Review of the Premiere of Hamlet in Berlin (1)

M., “On the Berlin Performance of Hamlet
in the Translation of A. W. Schlegel.” [*]

|341| All hope of seeing Shakespeare in his authentic, irreplaceable form, and to the greatest extent possible uncut in all his works, had disappeared — for given the dramatic crop failure during this age, one ought, after all, open the barns and storehouses of ages gone by to find nourishment and solidity for good taste — when suddenly a beautiful meteor appeared in the literary heavens in the form of August Wilhelm Schlegel’s translation of the entire Shakespeare, in which the poet took as his inviolable law the most precise faithfulness and the most rigorous observation of even the smallest peculiarities in verse and rhyme, whereby Shakespeare then appeared reborn before us. This translation, with no notes cluttering the margins, has done infinitely more for the understanding of Shakespeare than previous ones, and earned Shakespeare infinitely |342| more love and respect than he previously enjoyed. And really, we can justifiably say that since we have become more precisely acquainted with him, the veil once covering his spirit and essence has disappeared.

That said, one must not expect him to be something he is not, a being like us, pusillanimous and weak and pious, and obedient to rules he himself had first to create. Pygmies at the foot of Colossus must not measure him according to themselves.

Since the appearance of this translation, all the friends of drama have been hoping that the stage would quickly retake possession of this, its own rightful property. But in Berlin alone, Hamlet has only just recently been performed thus, and once again: Hamlet first among the plays.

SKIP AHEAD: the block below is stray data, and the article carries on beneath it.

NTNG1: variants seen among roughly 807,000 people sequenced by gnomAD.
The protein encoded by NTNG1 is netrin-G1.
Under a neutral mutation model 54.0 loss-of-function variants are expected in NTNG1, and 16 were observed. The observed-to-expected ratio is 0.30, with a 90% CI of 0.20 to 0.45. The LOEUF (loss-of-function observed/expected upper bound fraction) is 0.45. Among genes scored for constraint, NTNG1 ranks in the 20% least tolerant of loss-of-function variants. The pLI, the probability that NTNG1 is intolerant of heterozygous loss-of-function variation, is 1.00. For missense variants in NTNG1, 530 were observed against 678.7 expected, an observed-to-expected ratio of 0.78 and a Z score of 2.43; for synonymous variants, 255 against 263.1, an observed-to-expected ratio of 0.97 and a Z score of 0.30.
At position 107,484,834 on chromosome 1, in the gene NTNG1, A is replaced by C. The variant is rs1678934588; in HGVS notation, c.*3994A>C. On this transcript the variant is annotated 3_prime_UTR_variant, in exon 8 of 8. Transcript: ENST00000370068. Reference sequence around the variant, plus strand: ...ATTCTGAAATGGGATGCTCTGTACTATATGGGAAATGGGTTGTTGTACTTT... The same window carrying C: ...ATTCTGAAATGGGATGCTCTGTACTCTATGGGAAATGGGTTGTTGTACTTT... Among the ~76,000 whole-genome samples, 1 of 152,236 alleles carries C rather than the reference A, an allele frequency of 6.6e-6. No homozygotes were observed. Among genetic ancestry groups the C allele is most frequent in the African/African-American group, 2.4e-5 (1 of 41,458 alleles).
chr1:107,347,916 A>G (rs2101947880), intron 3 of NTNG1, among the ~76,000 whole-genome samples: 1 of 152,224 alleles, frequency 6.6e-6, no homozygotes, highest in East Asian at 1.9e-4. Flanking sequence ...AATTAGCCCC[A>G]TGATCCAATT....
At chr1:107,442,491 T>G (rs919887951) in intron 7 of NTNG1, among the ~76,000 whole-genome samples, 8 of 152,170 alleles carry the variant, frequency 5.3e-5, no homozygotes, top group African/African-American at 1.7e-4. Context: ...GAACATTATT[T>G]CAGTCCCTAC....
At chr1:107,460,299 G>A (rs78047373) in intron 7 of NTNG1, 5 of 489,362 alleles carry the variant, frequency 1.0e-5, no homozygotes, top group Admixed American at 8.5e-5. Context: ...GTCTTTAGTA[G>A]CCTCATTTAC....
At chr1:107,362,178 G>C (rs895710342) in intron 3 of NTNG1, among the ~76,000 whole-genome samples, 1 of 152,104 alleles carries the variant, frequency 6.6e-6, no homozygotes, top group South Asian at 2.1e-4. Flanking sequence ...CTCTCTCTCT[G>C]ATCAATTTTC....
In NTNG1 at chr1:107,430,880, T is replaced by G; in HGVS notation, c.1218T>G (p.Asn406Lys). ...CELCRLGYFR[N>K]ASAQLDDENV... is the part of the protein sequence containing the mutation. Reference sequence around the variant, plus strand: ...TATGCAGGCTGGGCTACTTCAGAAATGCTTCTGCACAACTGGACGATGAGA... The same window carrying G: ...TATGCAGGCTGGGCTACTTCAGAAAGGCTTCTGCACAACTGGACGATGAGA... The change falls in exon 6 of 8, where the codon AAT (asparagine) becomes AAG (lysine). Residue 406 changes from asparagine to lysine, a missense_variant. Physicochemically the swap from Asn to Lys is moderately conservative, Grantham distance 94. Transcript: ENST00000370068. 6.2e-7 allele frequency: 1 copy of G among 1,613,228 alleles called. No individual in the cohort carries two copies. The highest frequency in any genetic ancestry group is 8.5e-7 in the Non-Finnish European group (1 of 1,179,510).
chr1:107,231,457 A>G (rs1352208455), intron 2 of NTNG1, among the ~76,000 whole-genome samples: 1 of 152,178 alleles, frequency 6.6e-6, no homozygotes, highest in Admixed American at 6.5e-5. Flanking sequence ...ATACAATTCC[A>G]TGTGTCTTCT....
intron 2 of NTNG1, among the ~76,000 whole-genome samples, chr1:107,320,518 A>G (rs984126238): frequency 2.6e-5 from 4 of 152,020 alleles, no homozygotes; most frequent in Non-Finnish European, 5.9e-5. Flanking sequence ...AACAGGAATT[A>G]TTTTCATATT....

Schlegel’s translation reestablished the original circumstances attaching to the entire matter. [1] Shakespeare appeared in a form so new that it was as if he had never been there in the first place. It was now incumbent upon the Germans themselves to incorporate him wholly into their stage in every sense of the word. This has indeed happened in at least one respect; we have received the piece performed in its original form and without alteration. Unfortunately, once more the piece has been chosen that, as the most roundly acknowledged masterpiece of tragic art, now blocks, as it were, the reception of other if not all of Shakespeare’s remaining pieces, or at least makes any performance before the public significantly more difficult.

Indeed, even with respect to the performance of Shakespeare in his original, characteristic peculiarity and without any alteration, the choice of Hamlet for the poet’s initial debut was perhaps not the most fortunate.

For it cannot be denied that regardless of what one may think about those alterations that bear the distinguished names of adaptations, regardless of how severely one may condemn them with respect to the poet and art, |343| with respect at least to the public and dramatic effect they were irreproachable. Those from whom these changes derive knew their audience, and also understood how to rework and adapt that audience itself at least as well as how to adapt the poet. As important as the deleted passages were for the whole of the piece if it was genuinely to appear as a work of art, and as essential a part of its very existence, — nonetheless to the ordinary eye, which does not comprehend and recognize the existence of the work of art in and through itself, and which takes as the standard of its critique the effect, the impact the piece has on one’s feeling and disposition and its irritability: for that eye, these deleted passages are non-essential parts of the work. A critic of this sort is confirmed in this opinion even more through the real omission, namely, that what is there must be possible, and yet it never occurs to him that it was possible only through sacrifice.

And even more, very few people indeed were familiar with Shakespeare — and especially Hamlet — through normal study and reading; almost everyone was familiar with it only from the stage itself. Hence they were not even aware of those omissions in the first place, so when they did come across them while reading the play, all the more could they not but view them as hors d’oeuvres, [2] since in performance the piece seemed to them to be an integral whole even without them, and since while reading their attention quite naturally was drawn to and indeed lingered primarily with elements based on sense perception and its recollection in the imagination.